Fathers' smoking can seriously affect sons' fertility, a new study claims, but the good news is: quitting before conception can help avoid the problem.
In 10 seconds? Researchers have found that men whose fathers smoked during conception had around 50% less sperm and sperm concentration than men with non-smoking fathers. (Read the science)
I know about smoking and pregnancy, so what's new here? Previous studies predominantly linked pregnant mothers' smoking to decreased sperm counts in sons. This study reveals that smoking fathers can also directly affect their son’s fertility to a dramatic extent, independently of the mothers. (Read the paper)
OK, and how exactly fathers affect their sons? Tobacco smoke contains substances that cause mutations and damage in DNA. These mutations can be passed onto the offspring, resulting in reduced sperm quality in male children. Researchers found that the number of mutations in smoking fathers' children was much higher than in the sons of non-smoking dads. (Read more)
What else is passed on with damaged DNA? Good question! According to new research, nicotine-affected, altered DNA can cause behavioural changes down the generations. Researchers have discovered this by feeding male mice with nicotine and detecting learning difficulties in their 3rd generation offspring. (Find out more)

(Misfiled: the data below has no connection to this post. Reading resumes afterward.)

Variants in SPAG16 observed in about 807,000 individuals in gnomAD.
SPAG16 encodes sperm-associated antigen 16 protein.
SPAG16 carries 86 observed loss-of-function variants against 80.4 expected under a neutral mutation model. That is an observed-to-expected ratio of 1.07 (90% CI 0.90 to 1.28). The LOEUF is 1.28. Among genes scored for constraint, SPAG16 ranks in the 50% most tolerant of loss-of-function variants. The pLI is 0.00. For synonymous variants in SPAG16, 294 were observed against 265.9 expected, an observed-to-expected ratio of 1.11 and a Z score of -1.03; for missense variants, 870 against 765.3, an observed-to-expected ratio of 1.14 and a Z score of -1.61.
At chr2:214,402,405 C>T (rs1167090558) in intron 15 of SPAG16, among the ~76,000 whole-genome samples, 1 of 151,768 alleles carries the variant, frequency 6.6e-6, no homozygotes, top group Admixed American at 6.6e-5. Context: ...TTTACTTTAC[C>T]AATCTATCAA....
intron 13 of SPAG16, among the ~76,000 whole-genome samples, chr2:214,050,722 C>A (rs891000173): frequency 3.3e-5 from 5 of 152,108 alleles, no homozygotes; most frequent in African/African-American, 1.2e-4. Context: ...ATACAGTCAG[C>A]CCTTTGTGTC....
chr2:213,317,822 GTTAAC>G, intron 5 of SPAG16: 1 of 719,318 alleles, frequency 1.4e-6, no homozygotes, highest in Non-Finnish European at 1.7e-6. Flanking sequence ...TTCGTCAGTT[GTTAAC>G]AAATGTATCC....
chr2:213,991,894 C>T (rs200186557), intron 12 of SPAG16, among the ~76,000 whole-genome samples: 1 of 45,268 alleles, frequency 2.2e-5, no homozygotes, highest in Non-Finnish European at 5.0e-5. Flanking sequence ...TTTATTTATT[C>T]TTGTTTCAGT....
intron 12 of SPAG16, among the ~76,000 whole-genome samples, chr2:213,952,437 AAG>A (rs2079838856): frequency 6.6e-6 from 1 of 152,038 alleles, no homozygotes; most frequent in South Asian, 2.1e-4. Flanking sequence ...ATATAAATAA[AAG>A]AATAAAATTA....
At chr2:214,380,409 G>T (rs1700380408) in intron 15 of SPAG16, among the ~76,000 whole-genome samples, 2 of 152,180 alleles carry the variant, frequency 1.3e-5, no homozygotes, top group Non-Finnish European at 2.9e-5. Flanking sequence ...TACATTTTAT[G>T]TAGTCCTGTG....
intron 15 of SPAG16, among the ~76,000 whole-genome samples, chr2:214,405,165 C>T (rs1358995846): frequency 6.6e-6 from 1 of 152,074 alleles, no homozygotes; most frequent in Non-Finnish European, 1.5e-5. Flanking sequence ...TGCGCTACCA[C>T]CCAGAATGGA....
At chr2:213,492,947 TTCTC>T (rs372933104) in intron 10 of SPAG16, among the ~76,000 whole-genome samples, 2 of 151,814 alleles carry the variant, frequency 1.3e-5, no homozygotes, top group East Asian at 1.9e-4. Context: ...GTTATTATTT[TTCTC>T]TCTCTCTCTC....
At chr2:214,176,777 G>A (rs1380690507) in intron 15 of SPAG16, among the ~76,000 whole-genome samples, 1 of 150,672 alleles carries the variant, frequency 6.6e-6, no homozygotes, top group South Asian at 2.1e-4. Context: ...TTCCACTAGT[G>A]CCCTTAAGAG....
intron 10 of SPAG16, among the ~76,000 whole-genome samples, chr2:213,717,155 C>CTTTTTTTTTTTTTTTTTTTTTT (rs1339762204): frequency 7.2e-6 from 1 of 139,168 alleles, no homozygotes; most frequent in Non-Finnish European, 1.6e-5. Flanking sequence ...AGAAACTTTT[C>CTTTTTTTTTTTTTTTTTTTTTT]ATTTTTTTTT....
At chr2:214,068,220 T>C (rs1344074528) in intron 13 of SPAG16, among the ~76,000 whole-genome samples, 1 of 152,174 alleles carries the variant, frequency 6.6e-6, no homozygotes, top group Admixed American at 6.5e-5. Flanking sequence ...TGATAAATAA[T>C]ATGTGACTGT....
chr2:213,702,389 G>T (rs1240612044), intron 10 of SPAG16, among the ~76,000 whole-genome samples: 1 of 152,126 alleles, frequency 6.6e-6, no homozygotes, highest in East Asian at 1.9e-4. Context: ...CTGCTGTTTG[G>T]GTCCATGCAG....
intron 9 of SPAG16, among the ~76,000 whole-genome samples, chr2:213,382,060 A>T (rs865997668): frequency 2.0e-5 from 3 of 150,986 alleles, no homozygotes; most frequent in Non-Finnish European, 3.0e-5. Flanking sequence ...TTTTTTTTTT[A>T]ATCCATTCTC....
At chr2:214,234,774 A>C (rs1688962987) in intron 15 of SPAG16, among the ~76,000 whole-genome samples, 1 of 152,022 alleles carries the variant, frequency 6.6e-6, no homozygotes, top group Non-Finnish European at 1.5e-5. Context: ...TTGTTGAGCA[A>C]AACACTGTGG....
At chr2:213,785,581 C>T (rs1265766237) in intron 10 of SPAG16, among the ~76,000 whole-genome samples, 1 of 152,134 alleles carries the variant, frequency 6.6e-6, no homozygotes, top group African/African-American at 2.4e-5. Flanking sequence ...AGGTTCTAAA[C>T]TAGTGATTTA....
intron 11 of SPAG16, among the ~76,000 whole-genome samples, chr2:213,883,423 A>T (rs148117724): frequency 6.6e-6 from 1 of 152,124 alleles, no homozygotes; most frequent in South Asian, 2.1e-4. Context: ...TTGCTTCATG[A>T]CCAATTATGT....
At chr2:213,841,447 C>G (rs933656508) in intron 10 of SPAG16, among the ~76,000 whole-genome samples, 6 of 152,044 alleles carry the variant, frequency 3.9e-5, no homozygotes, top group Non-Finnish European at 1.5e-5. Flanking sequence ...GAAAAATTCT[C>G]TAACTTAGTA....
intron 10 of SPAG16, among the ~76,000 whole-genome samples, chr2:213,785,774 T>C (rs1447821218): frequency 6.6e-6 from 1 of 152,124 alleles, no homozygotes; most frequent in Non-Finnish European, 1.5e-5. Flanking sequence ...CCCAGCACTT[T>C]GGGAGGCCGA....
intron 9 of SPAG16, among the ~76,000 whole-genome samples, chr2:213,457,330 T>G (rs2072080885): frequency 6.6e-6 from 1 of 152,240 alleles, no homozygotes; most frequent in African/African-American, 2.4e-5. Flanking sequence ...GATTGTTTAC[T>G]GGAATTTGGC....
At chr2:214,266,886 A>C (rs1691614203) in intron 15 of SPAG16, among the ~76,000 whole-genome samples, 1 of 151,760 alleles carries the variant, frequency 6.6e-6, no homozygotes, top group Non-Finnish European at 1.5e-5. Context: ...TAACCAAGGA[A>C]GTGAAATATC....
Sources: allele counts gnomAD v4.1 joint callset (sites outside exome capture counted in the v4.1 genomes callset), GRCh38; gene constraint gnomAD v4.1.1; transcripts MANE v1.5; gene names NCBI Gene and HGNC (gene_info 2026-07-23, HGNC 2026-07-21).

How did they discover the father's role? Researchers used a combination of surveys for the fathers and blood tests for the mothers to isolate the effects caused by dads. Using blood samples taken from the mothers during pregnancy, they could measure the level of cotinine, an ‘end product’ of the breakdown of nicotine. This helped verify if the mother smoked herself, or was exposed to secondhand smoke from the father. (More about cotinine)
Gosh, have I damaged my future son if I smoked before? Not necessarily. Avoiding tobacco during pregnancy is certainly a good way to protect our children from the effects of smoking. Additionally, the damage caused by tobacco to the dad's DNA can be reversed. In other words, if the future father stops smoking, his sperm will gradually become healthier, so he won't 'gift' reduced fertility to his son. (Read more)
'Behave, Dad!' Smoking fathers cause mutations
Most newly occurring mutations come from the father. Children of fathers who smoke can have up to four times as many mutations in a certain region of their genome than children of non-smoking fathers.
These mutations can be linked to a number of diseases, such as autism, birth defects, diabetes, and obesity. Additionally, the new study established that the father’s smoking was also linked to a shorter reproductive lifespan in daughters.
But here are some good news: it takes about three months for sperm to mature, which means that men who stop smoking at least three months before conception will have much healthier sperm with a greater chance of fertilising an egg, and creating a healthy baby.